Manchester City have established themselves as one of the top clubs in world football. They have won the Premier League this season in remarkable fashion, especially considering they have played without a recognised striker for the majority of the campaign, and were eighth at Christmas. They have also won their fourth consecutive League Cup, with a 1-0 win over Tottenham Hotspur in the final.

The most important thing for City and their owners, however, is the fact that they have reached their first ever Champions League final. There is no denying that this has largely been a result of the money put into the club by Sheik Mansour and the Abu Dhabi United Group, but money cannot guarantee instant success. The pathway to this point, at the summit of world football, has included its fair share of misguided investments but, for the most part, City’s owners have looked to invest sensibly and have learnt from their mistakes over time. This is by far the most successful period in City’s history and the owners’ part in that cannot be overstated. This post looks at the first four transfer windows following Sheik Mansour’s takeover in August 2008, and how they set the foundations for the success that followed, culminating in City’s first ever Champions League final this season.

Summer 2008

First team signings (all fees from Transfermarkt):

  • Jô – £21.6 million
  • Robinho – £38.7 million
  • Pablo Zabaleta – £7.8 million
  • Vincent Kompany – £7.65 million
  • Tal Ben Haim – £5.76 million
  • Shaun Wright-Phillips – £10.13 million
  • Gláuber – free transfer

When Sheik Mansour arrived in August 2008 there was a real buzz about the club and a wider feeling that they were about to disrupt the traditional top four and, perhaps more importantly, their city rivals Manchester United. However, this couldn’t happen overnight. The club had finished 9th in the Premier League and ended the season with a dismal 8-1 defeat away to Middlesbrough. Former England manager Sven-Goran Eriksson had been in charge and was sacked by the previous ownership and replaced with Blackburn Rovers manager Mark Hughes.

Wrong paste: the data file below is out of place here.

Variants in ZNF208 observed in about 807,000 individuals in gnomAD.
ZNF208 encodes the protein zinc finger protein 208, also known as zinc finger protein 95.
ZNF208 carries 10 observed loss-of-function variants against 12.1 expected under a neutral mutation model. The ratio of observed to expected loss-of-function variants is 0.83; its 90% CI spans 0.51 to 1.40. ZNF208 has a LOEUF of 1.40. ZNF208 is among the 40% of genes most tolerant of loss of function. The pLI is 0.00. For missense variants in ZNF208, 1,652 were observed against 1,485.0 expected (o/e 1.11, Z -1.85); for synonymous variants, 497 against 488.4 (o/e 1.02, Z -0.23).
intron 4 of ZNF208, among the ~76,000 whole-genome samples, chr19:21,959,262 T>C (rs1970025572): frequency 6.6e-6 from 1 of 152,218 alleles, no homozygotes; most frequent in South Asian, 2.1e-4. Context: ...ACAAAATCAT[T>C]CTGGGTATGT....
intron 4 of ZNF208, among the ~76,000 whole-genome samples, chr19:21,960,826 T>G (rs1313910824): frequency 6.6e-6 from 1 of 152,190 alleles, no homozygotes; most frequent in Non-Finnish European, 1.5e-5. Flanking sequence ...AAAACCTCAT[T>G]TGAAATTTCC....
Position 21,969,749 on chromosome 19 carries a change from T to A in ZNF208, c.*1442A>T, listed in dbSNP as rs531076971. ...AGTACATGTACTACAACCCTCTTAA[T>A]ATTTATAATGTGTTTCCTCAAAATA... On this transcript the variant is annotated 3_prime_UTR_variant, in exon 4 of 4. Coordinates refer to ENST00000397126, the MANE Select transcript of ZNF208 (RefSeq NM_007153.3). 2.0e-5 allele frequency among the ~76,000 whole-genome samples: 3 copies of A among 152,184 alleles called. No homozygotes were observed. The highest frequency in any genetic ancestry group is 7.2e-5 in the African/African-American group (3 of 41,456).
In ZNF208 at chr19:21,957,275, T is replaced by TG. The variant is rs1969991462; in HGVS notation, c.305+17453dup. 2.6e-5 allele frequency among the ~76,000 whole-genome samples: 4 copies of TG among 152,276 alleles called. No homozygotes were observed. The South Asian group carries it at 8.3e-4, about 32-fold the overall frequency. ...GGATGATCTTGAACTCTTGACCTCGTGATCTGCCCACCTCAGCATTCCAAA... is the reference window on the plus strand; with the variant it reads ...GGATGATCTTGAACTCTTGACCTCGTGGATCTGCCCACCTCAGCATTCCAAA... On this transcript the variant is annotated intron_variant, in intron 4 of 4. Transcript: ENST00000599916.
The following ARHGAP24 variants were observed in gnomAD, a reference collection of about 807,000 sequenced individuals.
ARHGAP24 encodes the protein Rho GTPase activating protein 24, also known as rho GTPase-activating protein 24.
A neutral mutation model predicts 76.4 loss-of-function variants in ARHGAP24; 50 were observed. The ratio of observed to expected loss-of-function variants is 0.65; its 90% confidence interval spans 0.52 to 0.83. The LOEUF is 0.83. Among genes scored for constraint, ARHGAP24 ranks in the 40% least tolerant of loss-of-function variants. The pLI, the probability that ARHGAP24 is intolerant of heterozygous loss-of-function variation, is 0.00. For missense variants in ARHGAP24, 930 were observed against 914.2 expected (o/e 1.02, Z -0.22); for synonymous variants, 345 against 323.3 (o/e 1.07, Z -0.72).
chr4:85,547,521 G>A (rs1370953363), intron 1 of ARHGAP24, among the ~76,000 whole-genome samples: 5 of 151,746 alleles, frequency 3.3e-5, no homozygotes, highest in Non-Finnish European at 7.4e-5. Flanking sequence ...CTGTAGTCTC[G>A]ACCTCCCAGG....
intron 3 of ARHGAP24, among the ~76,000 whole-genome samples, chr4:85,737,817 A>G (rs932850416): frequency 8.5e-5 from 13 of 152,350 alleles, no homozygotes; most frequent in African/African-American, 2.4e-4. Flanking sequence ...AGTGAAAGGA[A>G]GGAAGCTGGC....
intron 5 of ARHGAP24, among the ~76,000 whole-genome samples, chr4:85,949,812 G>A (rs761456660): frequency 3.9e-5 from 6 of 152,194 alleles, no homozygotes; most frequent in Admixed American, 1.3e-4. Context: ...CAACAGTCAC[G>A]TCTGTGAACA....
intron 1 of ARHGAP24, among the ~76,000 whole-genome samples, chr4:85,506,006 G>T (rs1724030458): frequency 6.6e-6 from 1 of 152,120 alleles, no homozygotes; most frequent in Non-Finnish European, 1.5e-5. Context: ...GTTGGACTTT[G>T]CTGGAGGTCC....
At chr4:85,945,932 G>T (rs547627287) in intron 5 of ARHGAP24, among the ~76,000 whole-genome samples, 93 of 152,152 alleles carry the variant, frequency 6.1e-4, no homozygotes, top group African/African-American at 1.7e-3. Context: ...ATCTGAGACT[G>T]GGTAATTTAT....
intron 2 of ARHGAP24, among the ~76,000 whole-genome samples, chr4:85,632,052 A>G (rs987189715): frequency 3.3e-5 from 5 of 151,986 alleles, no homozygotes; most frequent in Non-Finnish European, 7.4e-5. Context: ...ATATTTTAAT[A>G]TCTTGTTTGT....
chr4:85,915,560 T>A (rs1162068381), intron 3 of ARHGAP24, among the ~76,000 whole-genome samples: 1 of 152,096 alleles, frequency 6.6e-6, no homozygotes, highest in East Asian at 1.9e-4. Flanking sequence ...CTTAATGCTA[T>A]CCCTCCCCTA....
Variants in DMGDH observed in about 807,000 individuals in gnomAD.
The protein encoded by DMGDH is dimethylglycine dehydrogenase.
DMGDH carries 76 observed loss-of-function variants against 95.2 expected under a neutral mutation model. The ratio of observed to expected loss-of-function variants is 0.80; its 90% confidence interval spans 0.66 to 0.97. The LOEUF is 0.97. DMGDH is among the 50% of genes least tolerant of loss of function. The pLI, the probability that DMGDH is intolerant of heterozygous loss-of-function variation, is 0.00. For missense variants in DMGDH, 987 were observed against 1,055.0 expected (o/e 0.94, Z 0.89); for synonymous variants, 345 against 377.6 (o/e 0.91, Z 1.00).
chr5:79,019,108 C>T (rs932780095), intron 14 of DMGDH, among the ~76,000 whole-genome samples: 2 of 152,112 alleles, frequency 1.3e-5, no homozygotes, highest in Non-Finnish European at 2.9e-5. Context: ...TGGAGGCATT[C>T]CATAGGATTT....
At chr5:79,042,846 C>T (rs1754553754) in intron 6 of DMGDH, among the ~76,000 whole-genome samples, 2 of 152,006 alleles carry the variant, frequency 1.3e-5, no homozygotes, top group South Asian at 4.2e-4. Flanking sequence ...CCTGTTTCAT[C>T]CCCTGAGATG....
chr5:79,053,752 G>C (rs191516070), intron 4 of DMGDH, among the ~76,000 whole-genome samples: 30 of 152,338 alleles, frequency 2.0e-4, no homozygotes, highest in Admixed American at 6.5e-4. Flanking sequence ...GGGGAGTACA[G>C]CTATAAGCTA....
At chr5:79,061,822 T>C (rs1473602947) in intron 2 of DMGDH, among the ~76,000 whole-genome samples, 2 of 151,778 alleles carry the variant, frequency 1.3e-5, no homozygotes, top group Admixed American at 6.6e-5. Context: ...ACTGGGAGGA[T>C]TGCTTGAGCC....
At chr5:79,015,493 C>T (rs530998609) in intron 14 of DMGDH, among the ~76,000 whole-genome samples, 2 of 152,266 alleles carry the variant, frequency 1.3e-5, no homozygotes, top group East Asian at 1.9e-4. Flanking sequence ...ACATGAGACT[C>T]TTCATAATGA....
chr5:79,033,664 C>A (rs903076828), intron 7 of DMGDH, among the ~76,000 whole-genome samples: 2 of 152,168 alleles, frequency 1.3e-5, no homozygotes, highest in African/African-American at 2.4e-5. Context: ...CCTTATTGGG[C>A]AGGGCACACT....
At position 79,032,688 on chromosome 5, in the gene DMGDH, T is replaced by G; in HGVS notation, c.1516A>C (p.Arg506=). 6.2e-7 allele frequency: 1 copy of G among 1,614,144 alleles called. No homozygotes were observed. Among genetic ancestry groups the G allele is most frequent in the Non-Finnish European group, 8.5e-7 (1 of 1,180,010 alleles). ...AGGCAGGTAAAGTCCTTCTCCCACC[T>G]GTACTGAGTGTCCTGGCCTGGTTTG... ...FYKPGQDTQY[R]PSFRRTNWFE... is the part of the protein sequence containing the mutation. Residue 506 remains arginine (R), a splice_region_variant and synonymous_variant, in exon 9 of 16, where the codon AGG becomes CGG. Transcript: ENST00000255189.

City had started their recruitment for that summer before the Abu Dhabi United Group takeover, and had already invested reasonably heavily on new players. In fact, all but one of the players on the above list were signed prior to Sheik Mansour taking charge of the club. In the beginning, City had the money but not the guarantee of success of clubs that would pay similar fees and wages, and were understandably seen as a gamble by many players they pursued due to becoming one of the world’s richest clubs overnight. The club was suddenly linked with anyone and everyone in world football in a whirlwind end to the summer transfer window. Although, with time running out in the transfer window, for the most part they would have to rely on the signings that had already been made that summer.